Listen Carefully

Levine, Philip

Primary Category: Literature / Poetry

Genre: Poem

Annotated by:
Aull, Felice
  • Date of entry: May-22-2001
  • Last revised: Jan-09-2007


The speaker, a young male, relates how he and his 26 year-old sister live together. They both work; she rises before dawn, he, later, returning home after one a.m. They sleep in the same bed. The sister is an assembly-line worker, skilled at her job, but "let me be frank about this: . . not smart." He helps her with the chores of daily life--answering the mail, cooking (cookbooks are too confusing for her). She has been unlucky with men, some of whom have physically abused her: " I've rubbed / hand cream into the bruises on her shoulders . . . I've even cried / along with her."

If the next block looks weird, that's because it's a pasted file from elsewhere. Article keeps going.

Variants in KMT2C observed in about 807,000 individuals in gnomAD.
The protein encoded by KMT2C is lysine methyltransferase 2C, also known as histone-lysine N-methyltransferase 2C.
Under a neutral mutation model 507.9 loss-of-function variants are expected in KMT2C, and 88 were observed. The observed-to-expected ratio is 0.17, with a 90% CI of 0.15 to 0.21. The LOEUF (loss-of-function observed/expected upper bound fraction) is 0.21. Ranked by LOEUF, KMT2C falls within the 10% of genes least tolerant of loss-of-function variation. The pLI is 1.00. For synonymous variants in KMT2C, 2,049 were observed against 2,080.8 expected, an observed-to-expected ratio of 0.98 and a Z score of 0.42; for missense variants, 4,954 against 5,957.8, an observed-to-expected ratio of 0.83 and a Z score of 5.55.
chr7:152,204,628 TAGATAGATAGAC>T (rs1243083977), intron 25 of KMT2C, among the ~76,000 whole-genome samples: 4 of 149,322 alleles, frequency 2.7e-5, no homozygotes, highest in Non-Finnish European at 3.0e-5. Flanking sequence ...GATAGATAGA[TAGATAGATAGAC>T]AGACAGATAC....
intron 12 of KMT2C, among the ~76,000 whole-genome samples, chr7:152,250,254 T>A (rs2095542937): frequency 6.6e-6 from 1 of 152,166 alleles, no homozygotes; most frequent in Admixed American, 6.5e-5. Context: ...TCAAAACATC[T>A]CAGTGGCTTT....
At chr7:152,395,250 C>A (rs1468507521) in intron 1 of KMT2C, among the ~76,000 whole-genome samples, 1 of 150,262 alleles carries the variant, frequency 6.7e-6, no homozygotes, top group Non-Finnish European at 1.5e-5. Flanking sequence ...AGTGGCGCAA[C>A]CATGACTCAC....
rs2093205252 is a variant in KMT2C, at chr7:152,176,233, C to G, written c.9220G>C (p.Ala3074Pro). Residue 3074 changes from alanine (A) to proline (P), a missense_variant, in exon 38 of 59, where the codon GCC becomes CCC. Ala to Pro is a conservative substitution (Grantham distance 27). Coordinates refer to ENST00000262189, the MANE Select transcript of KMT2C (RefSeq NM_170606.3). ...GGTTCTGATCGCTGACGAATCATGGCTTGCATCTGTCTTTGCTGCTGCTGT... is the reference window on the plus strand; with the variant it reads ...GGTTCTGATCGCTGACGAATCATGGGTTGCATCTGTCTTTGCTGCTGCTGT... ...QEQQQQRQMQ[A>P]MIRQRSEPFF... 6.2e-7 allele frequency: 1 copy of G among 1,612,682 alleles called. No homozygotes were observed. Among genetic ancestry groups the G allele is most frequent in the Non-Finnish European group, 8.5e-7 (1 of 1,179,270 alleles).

There is a fond intimacy between them. But is it sexual? "By now I believe I know / exactly what you're thinking" says the brother, three-quarters of the way through the poem. How could they resist sexual intimacy? His sister is beautiful, he admits to being curious about her body, she is vulnerable and needy. Well, if that is what you think, says the speaker "you're / the one who's wrong. You haven't heard a word." [41 lines]


Philip Levine conjures up for the reader a slice of life--working class life under constrained circumstances. There is the additional complication of what appears to be mental retardation. The narration is matter-of-fact. The reader (health professional), perhaps coming from a different world, must put everything into proper context, must pay heed in order to discern the true nature of this caring relationship. Appearances can be deceiving. Pay attention, "listen carefully," don't jump to conclusions.


The collection (The Simple Truth) in which this poem appears won the Pulitzer Prize.

Primary Source

The Simple Truth



Place Published

New York